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rebels is responsible for attacking one of the wingdom's airport. injuring 23 people saudi arabia has been at work against those rebels since 2015. florida lowering flags to half-staff and asking residents to pause to remember the victims of the pulse nightclub shooting. it's the three-year anniversary of that rampage which left 49 people dead at a gay nightclub in orlando the gunman, who had pledged allegiance to the islamic state, was killed after a stand-off by s.w.a.t. team members. and take a lookat this video, a driver blaming an allergy attack for crashing his car in tennessee street video shows the car flipping over before skidding down the road. and eventually bursting into flames the driver got out of the car. he is apparently doing just fine and he's vi very lucky that's the news update i'll send it back downtown to you. mike >> sue, thank you very much.
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meantime major indices there largely flat on the day, the dow down 34 points, still having their best month since january, breaking multi-day win streaks, a breakdown and more from code is next. man: stand up if you are a first generation college student. stand up if you're a mother. if you are actively deployed, a veteran,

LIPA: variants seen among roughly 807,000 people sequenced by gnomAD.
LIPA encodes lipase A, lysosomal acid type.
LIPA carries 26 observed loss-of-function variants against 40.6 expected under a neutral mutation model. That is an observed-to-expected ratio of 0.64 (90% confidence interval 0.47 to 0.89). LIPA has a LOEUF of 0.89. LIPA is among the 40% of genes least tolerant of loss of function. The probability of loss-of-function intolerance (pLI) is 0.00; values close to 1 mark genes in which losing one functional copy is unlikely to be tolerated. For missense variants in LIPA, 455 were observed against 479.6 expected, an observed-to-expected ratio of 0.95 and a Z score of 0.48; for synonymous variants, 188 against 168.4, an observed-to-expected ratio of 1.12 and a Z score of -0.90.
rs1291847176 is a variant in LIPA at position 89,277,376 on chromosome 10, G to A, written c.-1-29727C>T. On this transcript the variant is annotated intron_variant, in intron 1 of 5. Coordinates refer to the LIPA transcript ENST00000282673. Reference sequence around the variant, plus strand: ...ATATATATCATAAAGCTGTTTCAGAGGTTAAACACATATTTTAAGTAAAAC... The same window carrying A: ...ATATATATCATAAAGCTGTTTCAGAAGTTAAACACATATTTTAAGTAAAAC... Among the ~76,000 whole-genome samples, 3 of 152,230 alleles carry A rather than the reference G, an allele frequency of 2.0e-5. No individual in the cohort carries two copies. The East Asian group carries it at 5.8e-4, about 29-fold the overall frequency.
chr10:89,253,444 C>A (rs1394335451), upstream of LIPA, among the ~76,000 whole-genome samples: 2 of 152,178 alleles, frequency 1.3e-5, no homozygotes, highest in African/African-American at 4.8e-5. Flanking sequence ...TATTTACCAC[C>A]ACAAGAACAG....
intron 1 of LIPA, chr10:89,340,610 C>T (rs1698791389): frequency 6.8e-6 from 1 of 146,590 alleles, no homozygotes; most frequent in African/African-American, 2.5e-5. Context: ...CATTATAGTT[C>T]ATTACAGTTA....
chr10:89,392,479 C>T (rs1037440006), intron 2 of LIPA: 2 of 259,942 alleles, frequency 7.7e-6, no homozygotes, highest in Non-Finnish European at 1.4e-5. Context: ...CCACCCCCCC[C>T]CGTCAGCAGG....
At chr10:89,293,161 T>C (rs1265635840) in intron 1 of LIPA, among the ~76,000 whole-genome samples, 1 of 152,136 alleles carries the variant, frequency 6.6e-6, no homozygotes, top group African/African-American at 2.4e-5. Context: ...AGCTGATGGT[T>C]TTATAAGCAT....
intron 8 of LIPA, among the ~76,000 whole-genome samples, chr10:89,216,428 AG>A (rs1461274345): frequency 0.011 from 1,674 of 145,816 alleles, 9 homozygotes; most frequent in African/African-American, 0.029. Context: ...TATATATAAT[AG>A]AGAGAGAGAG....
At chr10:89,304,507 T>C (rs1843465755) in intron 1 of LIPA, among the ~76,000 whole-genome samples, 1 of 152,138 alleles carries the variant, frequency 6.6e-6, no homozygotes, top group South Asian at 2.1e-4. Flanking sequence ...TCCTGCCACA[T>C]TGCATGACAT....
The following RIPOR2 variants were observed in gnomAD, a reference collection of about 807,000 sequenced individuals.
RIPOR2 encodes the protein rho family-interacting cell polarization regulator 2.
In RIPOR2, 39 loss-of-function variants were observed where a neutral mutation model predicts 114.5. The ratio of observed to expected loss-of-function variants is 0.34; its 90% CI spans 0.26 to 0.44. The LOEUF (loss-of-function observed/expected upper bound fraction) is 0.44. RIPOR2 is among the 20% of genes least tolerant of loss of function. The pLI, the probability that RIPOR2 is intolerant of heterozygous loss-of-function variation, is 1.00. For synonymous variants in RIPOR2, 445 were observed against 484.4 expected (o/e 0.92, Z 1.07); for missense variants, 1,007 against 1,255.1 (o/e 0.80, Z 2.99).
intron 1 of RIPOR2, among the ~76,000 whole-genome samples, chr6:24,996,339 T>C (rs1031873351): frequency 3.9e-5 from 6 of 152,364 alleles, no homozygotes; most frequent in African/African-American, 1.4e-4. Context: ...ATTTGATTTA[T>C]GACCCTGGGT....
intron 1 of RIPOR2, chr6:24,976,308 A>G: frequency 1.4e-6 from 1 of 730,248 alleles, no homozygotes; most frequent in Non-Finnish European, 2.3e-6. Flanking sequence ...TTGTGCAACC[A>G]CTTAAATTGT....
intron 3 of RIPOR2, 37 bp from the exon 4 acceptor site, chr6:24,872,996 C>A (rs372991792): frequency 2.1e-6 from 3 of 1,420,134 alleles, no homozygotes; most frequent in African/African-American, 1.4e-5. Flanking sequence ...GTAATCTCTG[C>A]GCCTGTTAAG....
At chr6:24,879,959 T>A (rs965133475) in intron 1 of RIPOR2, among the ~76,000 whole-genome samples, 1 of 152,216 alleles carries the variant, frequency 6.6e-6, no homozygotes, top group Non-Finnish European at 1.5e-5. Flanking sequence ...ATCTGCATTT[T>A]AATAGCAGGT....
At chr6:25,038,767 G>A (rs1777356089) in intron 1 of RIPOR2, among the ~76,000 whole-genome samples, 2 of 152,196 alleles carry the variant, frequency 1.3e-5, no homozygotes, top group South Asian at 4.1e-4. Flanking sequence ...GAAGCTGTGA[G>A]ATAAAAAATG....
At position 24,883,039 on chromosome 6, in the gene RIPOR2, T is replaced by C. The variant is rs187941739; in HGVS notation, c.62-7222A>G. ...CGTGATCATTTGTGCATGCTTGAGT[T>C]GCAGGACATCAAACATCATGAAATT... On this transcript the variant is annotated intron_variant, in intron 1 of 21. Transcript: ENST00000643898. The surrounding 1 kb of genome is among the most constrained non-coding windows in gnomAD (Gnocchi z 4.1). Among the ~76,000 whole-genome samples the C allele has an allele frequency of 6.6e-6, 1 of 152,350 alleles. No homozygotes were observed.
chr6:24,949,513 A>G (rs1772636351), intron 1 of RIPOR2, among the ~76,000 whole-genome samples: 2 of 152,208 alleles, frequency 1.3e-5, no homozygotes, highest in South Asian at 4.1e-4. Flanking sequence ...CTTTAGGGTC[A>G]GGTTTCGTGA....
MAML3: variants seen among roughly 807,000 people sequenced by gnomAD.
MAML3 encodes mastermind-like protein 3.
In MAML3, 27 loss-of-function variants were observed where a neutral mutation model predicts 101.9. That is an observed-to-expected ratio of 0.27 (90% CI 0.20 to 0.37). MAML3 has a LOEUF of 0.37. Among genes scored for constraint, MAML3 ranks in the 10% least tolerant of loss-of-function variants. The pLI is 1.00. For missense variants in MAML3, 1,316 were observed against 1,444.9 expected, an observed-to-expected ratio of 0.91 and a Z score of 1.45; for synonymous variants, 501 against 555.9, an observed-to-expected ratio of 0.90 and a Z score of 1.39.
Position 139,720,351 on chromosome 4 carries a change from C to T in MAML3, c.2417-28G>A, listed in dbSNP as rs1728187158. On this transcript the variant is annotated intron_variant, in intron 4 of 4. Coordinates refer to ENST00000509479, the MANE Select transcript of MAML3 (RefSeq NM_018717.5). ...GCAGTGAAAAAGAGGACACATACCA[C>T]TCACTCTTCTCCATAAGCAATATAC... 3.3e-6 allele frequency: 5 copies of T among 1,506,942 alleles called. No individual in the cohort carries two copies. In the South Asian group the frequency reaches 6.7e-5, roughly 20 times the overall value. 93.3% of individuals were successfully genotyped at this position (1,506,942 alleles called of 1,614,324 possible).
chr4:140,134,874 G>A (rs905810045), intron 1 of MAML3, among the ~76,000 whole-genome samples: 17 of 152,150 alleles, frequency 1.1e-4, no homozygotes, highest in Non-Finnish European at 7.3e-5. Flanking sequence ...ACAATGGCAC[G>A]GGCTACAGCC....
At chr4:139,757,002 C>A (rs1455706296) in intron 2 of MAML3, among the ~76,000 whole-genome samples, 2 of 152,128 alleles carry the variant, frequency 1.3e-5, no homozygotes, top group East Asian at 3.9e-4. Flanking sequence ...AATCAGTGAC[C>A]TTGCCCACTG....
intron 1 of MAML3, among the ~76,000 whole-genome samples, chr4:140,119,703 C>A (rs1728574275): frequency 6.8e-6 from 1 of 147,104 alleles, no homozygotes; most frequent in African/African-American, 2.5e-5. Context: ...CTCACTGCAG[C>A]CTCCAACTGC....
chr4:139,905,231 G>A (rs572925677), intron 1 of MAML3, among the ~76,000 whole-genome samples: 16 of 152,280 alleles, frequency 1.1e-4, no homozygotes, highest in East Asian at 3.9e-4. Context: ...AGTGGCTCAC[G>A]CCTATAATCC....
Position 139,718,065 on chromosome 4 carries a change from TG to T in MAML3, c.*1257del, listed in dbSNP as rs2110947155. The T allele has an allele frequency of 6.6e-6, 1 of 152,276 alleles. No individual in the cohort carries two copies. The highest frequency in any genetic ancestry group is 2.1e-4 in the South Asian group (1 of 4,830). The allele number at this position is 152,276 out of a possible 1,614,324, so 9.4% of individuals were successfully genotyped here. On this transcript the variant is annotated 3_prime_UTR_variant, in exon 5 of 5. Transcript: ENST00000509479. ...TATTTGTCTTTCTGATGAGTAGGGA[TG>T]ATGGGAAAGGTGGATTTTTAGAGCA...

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welcome back to "squawk
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alley," we're in scottsdale, got exclusive coverage from the code conference the ceo of crowdstrike going to join us in a few minutes it just opened for trade moments ago. up 90% over where it priced. meantime antitrust and valuation as couple of big themes here at code goldman sachs ceo david solomon sat down yesterday with carl and addressed those valuations in tech and whether investors should be wary take a listen. i don't think we're looking at equity market valuations for tech that look like what we saw in 1999, 2000, 2001. i think because of the massive amount of monetary policy around the world and the interest rates are zero or less than zero, is people have been looking aggressively, or moving up the risk curve and looking for risk assets and people have been willing to pay a lot for growth in that context i think there's a number of technology